In 1980, she was a founding member of the Friends of the Champaign County Library and later served as its president.
She won election to her first term on the Urbana Board of Education in 1961 and was re-elected four years later. As her second term was ending, she chaired the city’s recreation committee and helped lead the drive for a municipal swimming pool. Mrs. Alexander would later say that she and others were motivated by the death of a black youth who, having no access to a pool with lifeguards, drowned while taking a dip in a local lake.
The creative and musical arts dominated Mrs. Alexander’s life. She began many days at dawn playing Chopin nocturnes or Scriabin preludes on the Steinway concert grand piano that dominated the living room of Kinderoaks, the name she gave the family residence at 400 College Street. She painted – watercolor, oil, pastels – and knitted, quilted, sculpted, wove shawls on a loom and produced self-designed needlepoint pillows. She spent hours listening to recordings of classical music; a favorite was famed Russian-born pianist Vladimir Horowitz, who she had seen perform on stage at Ohio State while she was a student. She read constantly, everything from weekly news magazines to the biography of Russian-American novelist Vladimir Nabokov. And for more than a half century, she subscribed to The New York Times. Some years before her death, Times publisher Arthur Sulzberger Jr. sent her a note thanking her as one of the newspaper’s longest-tenured subscribers.
She also embraced multiculturalism. With her husband, she frequently hosted foreign exchange students who lived with the Alexander family. And foreign graduate students from Ohio State often were weekend guests through a program sponsored by the First Presbyterian Church.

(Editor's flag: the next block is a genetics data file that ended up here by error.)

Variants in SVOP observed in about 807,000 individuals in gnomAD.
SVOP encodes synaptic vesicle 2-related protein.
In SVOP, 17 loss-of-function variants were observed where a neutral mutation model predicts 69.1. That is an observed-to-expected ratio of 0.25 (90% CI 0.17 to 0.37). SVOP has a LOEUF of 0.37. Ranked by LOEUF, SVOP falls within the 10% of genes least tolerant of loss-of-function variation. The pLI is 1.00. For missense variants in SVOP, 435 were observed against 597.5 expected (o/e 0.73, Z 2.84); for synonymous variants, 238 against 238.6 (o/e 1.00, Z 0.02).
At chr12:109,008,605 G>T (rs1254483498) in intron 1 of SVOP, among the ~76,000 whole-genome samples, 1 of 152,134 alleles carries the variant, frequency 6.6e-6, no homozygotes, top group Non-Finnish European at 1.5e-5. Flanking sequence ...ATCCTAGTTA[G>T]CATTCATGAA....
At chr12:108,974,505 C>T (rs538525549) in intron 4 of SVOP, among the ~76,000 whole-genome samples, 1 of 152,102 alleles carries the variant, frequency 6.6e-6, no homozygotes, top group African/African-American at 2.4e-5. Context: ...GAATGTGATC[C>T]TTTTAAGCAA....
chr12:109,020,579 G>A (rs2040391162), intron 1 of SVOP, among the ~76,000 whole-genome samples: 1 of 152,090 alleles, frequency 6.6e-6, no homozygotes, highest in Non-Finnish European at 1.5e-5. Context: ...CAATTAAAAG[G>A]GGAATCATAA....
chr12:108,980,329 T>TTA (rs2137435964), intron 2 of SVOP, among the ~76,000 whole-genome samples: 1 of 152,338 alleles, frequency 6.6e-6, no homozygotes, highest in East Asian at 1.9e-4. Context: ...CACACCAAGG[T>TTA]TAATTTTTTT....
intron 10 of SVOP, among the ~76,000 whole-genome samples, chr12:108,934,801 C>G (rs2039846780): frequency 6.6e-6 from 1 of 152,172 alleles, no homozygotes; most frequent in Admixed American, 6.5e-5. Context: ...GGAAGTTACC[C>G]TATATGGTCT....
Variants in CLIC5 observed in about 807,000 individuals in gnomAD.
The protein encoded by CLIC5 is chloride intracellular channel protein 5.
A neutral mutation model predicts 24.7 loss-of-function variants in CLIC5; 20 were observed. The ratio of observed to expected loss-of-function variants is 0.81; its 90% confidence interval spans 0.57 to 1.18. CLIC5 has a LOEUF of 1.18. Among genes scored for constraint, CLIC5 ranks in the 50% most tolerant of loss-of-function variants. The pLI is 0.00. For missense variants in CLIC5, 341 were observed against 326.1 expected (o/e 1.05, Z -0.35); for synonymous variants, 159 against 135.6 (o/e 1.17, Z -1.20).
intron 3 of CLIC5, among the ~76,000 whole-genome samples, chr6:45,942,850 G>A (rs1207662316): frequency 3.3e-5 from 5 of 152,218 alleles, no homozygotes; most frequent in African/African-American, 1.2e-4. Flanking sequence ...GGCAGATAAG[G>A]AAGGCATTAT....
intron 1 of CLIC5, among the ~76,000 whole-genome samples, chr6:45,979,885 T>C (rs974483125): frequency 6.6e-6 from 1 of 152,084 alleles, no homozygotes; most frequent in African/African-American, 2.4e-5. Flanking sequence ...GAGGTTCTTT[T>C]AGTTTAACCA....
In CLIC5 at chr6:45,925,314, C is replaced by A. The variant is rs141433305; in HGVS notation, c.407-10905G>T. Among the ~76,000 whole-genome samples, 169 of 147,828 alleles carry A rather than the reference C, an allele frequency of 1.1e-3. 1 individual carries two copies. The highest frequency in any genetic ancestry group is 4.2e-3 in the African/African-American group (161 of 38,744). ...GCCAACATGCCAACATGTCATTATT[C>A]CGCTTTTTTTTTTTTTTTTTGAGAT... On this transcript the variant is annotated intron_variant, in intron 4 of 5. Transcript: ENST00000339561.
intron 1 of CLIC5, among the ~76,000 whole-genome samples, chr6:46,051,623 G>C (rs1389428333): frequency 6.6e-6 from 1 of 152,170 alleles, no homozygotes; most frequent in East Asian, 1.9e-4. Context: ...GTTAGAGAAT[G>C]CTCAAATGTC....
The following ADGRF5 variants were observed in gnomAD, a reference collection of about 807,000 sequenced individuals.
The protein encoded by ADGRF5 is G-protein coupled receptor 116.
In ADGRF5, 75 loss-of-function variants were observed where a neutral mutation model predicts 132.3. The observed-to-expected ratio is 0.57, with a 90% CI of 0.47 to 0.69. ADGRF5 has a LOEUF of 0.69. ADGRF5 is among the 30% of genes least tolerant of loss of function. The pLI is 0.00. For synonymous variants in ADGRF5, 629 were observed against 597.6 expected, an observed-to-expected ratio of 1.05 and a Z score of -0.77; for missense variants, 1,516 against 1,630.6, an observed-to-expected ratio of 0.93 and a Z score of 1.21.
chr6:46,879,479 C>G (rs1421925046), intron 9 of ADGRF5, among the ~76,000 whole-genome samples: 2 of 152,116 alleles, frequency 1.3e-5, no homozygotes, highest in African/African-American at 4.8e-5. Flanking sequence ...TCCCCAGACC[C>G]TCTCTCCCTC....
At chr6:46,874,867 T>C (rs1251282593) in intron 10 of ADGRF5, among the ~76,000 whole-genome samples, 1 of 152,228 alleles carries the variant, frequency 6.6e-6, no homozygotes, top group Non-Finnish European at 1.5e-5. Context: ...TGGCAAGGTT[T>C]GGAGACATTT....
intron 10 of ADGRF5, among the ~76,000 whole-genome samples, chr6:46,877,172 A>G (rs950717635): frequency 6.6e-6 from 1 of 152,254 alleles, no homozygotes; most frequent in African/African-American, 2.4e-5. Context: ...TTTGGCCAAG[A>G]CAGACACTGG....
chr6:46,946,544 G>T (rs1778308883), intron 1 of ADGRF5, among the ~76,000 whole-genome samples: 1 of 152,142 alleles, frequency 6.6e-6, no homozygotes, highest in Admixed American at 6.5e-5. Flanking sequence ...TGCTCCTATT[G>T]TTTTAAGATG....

Mrs. Alexander is survived by her children: daughter Susan Alexander Hill of New York City; sons Andrew Alexander (wife Beverly Jones) of Washington, DC, Dalton Alexander (wife Madeleine) of Little Silver, N.J., Peter Alexander (wife Aarati) of Atlanta, Ga.; and grandchildren Khalil Alexander Hill (wife Hilina)), Taline Alexander (husband Philip Stevens), Sarah Alexander, Shant Alexander, Christina Alexander and great-grandchild Llewelyn Stevens. In addition to her parents, Mrs. Alexander was preceded in death by her brother, Ralph, Jr.
The family wishes to thank the staff of Hearth & Home of Urbana for their care of Mrs. Alexander during the final years of her life.
A memorial service will be held Saturday, August 10, 2019 at 10:30 a.m. at the First Presbyterian Church, 116 West Court Street in Urbana. In lieu of flowers, the family asks that donations be made to the Champaign County Arts Council, 119 Miami Street, Urbana, Ohio 43078 (

To order memorial trees or send flowers to the family in memory of Dorothy Alexander, please visit our flower store.

Service Schedule

Past Services


Saturday, August 10, 2019

Starts at 10:30 am (Eastern time)

First Presbyterian Church

116 W. Court St., Urbana, OH 43078

Enter your phone number above to have directions sent via text. Standard text messaging rates apply.


Visits: 17

This site is protected by reCAPTCHA and the
Google Privacy Policy and Terms of Service apply.

Service map data © OpenStreetMap contributors

Send Flowers

Send Flowers

Plant A Tree

Plant A Tree